How we cite our quotes:
[Stephen] stood bareheaded in the road, watching her quick disappearance. As the shining stars were to the heavy candle in the window, so was Rachael, in the rugged fancy of this man, to the common experiences of his life. (1.13.63)
Awww. We are kind of melty and gooey inside.
'Father,' said Louisa, 'do you think I love Mr. Bounderby?' Mr. Gradgrind was extremely discomfited by this unexpected question. 'Well, my child,' he returned, 'I — really — cannot take upon myself to say.' 'Father,' pursued Louisa in exactly the same voice as before, 'do you ask me to love Mr. Bounderby?' 'My dear Louisa, no. No. I ask nothing.' 'Father,' she still pursued, 'does Mr. Bounderby ask me to love him?' 'Really, my dear,' said Mr. Gradgrind, 'it is difficult to answer your question — ' (1.15.13-18)
Gradgrind's surprise and shock over this question of love between Louisa and Bounderby makes us want to hear what his own proposal to Mrs. Gradgrind was like.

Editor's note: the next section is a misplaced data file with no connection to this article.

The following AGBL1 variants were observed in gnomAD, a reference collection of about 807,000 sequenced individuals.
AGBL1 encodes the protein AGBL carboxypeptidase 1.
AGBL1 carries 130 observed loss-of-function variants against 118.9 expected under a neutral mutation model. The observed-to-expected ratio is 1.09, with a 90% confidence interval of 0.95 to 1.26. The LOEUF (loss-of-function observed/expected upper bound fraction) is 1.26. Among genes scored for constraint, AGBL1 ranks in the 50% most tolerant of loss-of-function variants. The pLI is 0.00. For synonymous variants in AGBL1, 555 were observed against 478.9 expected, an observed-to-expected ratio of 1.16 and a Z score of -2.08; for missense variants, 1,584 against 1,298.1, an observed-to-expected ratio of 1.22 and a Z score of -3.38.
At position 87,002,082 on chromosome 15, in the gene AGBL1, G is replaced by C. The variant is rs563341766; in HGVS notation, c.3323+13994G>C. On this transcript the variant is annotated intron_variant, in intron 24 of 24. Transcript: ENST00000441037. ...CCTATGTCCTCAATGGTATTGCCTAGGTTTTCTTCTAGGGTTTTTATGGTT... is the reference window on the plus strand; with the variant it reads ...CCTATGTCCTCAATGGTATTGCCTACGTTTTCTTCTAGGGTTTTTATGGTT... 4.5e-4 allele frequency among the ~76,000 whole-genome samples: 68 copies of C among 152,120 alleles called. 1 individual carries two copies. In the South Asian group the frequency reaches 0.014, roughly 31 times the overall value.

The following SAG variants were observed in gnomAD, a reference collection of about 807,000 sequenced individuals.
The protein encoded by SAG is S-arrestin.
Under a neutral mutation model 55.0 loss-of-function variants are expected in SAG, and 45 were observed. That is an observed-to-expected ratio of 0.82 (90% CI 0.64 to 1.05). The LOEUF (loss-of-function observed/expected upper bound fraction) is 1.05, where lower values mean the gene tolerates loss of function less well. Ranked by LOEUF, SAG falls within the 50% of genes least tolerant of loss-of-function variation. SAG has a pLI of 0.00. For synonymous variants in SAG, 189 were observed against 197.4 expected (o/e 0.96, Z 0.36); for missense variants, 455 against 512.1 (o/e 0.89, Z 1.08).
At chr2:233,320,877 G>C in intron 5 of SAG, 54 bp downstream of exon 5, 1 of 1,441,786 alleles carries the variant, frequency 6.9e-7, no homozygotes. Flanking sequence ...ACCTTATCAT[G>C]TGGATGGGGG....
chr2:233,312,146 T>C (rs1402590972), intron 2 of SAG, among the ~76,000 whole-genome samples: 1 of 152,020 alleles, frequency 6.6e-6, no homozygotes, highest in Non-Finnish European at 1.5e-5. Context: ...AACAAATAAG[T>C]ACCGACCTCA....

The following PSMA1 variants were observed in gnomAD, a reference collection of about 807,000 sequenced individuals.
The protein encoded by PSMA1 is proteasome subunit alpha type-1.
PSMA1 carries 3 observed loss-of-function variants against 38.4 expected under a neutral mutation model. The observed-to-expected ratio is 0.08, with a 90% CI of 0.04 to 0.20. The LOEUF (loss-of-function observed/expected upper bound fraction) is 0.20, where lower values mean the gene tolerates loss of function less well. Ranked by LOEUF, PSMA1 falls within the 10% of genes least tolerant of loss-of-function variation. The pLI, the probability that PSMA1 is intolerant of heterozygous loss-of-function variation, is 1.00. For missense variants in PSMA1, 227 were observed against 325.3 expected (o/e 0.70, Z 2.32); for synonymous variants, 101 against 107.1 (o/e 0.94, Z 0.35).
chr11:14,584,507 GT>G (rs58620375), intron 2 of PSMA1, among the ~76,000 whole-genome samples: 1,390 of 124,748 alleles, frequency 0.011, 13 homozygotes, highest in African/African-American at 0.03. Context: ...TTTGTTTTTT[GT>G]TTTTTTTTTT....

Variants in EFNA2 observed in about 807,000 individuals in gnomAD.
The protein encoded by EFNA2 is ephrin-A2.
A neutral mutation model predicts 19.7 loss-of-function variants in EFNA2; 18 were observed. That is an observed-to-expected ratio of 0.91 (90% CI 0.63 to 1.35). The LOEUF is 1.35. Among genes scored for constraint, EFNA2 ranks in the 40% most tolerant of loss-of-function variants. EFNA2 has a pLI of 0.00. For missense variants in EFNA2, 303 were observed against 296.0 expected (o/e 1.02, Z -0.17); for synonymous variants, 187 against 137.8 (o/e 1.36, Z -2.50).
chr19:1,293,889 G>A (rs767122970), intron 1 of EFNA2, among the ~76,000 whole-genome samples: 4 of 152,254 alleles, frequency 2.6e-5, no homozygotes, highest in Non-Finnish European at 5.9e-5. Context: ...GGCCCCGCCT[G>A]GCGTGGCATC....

the marriage was appointed to be solemnized in eight weeks' time, and Mr. Bounderby went every evening to Stone Lodge as an accepted wooer. Love was made on these occasions in the form of bracelets; and, on all occasions during the period of betrothal, took a manufacturing aspect. Dresses were made, jewelry was made, cakes and gloves were made, settlements were made, and an extensive assortment of Facts did appropriate honour to the contract. The business was all Fact, from first to last. The Hours did not go through any of those rosy performances, which foolish poets have ascribed to them at such times; neither did the clocks go any faster, or any slower, than at other seasons. (1.16.29)
We just wanted to throw in the note that in the nineteenth century, the phrase "making love" didn't mean sex, but actually referred to wooing or courting. So, don't get any crazy ideas here about what Bounderby is doing with the bracelets.